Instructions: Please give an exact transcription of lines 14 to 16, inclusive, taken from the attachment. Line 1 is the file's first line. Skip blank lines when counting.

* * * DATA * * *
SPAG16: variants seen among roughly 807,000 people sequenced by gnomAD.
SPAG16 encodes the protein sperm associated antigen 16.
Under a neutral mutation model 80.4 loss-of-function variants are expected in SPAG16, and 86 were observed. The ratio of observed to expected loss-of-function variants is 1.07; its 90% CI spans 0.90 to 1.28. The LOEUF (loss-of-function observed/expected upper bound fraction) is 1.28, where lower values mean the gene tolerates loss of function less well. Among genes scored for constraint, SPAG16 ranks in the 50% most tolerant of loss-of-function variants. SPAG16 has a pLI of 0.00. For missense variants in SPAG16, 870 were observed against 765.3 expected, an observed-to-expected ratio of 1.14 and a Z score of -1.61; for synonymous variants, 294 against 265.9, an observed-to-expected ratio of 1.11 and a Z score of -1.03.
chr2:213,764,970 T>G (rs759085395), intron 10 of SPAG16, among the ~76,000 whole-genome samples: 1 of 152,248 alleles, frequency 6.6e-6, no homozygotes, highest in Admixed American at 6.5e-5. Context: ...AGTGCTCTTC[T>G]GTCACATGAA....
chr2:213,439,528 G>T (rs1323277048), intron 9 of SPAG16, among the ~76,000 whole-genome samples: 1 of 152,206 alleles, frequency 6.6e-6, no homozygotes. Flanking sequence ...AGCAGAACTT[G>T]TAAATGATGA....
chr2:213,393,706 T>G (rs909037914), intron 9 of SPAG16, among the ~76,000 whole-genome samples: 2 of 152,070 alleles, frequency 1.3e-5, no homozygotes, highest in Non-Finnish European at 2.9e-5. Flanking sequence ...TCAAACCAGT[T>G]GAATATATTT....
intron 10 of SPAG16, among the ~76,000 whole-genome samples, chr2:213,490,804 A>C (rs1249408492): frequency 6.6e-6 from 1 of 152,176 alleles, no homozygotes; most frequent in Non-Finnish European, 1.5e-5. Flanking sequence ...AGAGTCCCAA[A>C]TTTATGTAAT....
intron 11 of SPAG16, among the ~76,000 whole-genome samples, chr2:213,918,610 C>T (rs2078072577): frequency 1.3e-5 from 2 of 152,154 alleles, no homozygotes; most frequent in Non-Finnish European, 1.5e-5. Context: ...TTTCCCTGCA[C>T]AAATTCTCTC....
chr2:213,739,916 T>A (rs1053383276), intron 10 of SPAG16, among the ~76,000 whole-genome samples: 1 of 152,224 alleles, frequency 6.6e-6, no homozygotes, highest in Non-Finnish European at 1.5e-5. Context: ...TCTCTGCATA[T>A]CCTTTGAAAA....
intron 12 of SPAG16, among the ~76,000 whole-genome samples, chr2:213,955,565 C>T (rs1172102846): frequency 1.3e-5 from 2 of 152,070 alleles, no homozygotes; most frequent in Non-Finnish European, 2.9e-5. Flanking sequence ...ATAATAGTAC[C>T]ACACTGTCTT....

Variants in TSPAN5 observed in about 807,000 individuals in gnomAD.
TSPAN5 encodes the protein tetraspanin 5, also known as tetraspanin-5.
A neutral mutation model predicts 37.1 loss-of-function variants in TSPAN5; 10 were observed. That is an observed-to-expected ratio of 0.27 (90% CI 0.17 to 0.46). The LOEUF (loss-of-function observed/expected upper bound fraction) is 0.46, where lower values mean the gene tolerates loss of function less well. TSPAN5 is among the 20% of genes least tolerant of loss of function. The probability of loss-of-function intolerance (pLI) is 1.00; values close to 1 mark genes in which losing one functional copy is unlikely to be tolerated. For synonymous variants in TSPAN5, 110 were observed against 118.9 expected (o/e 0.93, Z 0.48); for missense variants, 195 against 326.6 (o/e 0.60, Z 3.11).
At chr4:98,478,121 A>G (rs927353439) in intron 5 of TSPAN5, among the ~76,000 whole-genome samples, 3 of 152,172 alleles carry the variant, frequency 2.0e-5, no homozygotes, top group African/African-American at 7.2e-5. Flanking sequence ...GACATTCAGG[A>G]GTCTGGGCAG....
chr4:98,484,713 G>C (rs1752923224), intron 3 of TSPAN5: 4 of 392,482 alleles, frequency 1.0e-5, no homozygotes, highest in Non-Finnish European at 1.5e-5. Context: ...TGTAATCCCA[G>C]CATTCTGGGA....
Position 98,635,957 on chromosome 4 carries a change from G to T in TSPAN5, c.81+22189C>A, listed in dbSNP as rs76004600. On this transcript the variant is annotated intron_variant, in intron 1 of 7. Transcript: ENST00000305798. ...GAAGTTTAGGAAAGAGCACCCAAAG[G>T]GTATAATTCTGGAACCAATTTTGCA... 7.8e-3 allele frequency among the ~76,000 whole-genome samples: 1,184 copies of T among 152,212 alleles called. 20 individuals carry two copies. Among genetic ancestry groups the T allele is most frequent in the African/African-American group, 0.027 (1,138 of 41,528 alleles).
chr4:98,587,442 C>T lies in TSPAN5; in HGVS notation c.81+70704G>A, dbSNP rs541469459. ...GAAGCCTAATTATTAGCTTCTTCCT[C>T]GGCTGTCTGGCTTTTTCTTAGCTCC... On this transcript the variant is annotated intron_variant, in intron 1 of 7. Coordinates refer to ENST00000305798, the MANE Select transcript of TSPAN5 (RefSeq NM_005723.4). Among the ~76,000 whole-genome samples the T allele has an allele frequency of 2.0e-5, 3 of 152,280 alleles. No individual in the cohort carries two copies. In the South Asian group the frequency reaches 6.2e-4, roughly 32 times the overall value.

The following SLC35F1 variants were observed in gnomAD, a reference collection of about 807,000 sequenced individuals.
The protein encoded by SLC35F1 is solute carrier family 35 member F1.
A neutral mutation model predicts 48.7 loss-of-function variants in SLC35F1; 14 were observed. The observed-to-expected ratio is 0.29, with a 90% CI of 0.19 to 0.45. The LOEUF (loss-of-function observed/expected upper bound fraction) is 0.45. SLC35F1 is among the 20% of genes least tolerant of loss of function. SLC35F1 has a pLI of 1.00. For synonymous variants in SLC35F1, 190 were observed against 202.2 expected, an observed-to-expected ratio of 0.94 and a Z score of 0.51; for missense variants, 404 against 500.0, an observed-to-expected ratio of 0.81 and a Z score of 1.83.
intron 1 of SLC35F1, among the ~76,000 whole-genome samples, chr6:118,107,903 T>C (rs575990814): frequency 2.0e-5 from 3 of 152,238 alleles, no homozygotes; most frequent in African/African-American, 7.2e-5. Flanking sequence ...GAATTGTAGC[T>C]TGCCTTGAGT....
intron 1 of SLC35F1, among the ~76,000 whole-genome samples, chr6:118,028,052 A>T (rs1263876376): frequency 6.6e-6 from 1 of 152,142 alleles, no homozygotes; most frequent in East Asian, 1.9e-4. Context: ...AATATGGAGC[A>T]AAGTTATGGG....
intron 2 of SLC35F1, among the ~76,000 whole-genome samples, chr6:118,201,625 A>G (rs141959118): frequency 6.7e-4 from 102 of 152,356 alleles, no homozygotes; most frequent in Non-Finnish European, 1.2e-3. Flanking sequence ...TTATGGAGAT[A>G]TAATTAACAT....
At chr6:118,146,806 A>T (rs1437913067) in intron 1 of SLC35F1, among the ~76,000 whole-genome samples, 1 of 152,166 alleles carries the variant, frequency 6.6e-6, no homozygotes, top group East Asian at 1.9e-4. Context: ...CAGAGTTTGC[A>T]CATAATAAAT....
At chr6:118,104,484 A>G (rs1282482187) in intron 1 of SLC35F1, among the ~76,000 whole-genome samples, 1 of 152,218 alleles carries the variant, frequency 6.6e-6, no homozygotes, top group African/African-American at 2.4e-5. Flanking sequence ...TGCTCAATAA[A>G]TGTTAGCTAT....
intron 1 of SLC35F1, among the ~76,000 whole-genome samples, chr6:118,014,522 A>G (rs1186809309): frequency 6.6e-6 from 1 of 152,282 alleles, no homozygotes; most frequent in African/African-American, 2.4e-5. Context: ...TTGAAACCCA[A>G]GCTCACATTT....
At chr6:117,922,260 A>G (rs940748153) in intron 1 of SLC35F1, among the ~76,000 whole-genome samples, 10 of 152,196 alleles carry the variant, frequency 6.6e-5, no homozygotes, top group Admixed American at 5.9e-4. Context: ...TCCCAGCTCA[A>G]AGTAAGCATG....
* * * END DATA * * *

At chr4:98,478,121 A>G (rs927353439) in intron 5 of TSPAN5, among the ~76,000 whole-genome samples, 3 of 152,172 alleles carry the variant, frequency 2.0e-5, no homozygotes, top group African/African-American at 7.2e-5. Flanking sequence ...GACATTCAGG[A>G]GTCTGGGCAG....
chr4:98,484,713 G>C (rs1752923224), intron 3 of TSPAN5: 4 of 392,482 alleles, frequency 1.0e-5, no homozygotes, highest in Non-Finnish European at 1.5e-5. Context: ...TGTAATCCCA[G>C]CATTCTGGGA....
Position 98,635,957 on chromosome 4 carries a change from G to T in TSPAN5, c.81+22189C>A, listed in dbSNP as rs76004600. On this transcript the variant is annotated intron_variant, in intron 1 of 7. Transcript: ENST00000305798. ...GAAGTTTAGGAAAGAGCACCCAAAG[G>T]GTATAATTCTGGAACCAATTTTGCA... 7.8e-3 allele frequency among the ~76,000 whole-genome samples: 1,184 copies of T among 152,212 alleles called. 20 individuals carry two copies. Among genetic ancestry groups the T allele is most frequent in the African/African-American group, 0.027 (1,138 of 41,528 alleles).